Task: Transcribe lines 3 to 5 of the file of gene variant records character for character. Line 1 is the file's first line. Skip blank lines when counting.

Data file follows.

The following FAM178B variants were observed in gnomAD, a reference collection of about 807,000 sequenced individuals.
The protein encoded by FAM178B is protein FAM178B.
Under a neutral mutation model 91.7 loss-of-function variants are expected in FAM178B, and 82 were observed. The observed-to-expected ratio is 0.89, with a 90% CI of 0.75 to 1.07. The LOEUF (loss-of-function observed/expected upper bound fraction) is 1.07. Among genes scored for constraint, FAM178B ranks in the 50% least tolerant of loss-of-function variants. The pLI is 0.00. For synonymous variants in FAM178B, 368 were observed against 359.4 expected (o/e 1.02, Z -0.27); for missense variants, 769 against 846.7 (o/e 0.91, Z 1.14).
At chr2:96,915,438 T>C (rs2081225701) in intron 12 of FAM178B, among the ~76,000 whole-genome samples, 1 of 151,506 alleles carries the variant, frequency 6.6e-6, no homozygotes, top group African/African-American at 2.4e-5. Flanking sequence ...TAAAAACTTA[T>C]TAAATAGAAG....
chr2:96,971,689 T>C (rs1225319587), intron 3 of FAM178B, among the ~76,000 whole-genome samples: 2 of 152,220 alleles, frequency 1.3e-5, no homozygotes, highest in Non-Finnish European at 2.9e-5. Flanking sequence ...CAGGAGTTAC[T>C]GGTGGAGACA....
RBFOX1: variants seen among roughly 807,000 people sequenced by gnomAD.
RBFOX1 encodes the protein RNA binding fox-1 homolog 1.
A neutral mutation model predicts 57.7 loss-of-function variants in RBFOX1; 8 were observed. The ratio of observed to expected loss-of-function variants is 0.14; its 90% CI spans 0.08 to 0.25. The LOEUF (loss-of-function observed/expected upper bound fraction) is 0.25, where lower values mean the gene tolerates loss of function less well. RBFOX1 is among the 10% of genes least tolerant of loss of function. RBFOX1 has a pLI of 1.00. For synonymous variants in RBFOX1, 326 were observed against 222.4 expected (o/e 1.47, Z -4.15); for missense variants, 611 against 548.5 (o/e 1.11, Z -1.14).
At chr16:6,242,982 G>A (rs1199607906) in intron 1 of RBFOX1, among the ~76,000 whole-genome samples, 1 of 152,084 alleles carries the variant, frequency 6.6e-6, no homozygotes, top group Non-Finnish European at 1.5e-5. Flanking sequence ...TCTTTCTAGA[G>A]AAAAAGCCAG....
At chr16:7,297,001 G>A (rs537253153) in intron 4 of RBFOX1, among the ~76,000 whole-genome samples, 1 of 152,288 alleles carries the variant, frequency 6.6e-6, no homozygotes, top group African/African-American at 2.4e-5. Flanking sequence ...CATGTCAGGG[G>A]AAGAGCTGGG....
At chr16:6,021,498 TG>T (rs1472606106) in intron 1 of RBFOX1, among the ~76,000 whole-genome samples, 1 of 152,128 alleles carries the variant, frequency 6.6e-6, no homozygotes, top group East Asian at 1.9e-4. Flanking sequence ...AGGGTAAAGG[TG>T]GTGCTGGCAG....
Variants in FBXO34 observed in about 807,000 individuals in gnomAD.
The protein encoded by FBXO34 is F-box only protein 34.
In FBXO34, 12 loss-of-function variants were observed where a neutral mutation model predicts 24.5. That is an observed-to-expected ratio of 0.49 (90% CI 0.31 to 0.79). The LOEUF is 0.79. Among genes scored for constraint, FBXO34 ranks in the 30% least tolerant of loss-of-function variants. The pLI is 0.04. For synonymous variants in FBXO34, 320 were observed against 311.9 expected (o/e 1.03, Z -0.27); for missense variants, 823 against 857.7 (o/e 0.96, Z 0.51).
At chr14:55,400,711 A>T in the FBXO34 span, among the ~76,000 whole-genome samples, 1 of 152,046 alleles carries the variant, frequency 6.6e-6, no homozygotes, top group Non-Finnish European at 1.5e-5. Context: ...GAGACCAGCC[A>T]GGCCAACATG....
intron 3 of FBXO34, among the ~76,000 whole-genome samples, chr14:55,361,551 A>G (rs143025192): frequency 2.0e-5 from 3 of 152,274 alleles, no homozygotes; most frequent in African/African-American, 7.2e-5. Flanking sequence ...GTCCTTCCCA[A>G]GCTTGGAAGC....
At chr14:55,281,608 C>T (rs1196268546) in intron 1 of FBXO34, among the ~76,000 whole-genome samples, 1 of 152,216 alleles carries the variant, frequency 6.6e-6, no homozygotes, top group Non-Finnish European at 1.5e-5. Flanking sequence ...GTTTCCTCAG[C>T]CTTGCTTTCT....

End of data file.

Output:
Under a neutral mutation model 91.7 loss-of-function variants are expected in FAM178B, and 82 were observed. The observed-to-expected ratio is 0.89, with a 90% CI of 0.75 to 1.07. The LOEUF (loss-of-function observed/expected upper bound fraction) is 1.07. Among genes scored for constraint, FAM178B ranks in the 50% least tolerant of loss-of-function variants. The pLI is 0.00. For synonymous variants in FAM178B, 368 were observed against 359.4 expected (o/e 1.02, Z -0.27); for missense variants, 769 against 846.7 (o/e 0.91, Z 1.14).
At chr2:96,915,438 T>C (rs2081225701) in intron 12 of FAM178B, among the ~76,000 whole-genome samples, 1 of 151,506 alleles carries the variant, frequency 6.6e-6, no homozygotes, top group African/African-American at 2.4e-5. Flanking sequence ...TAAAAACTTA[T>C]TAAATAGAAG....
chr2:96,971,689 T>C (rs1225319587), intron 3 of FAM178B, among the ~76,000 whole-genome samples: 2 of 152,220 alleles, frequency 1.3e-5, no homozygotes, highest in Non-Finnish European at 2.9e-5. Flanking sequence ...CAGGAGTTAC[T>C]GGTGGAGACA....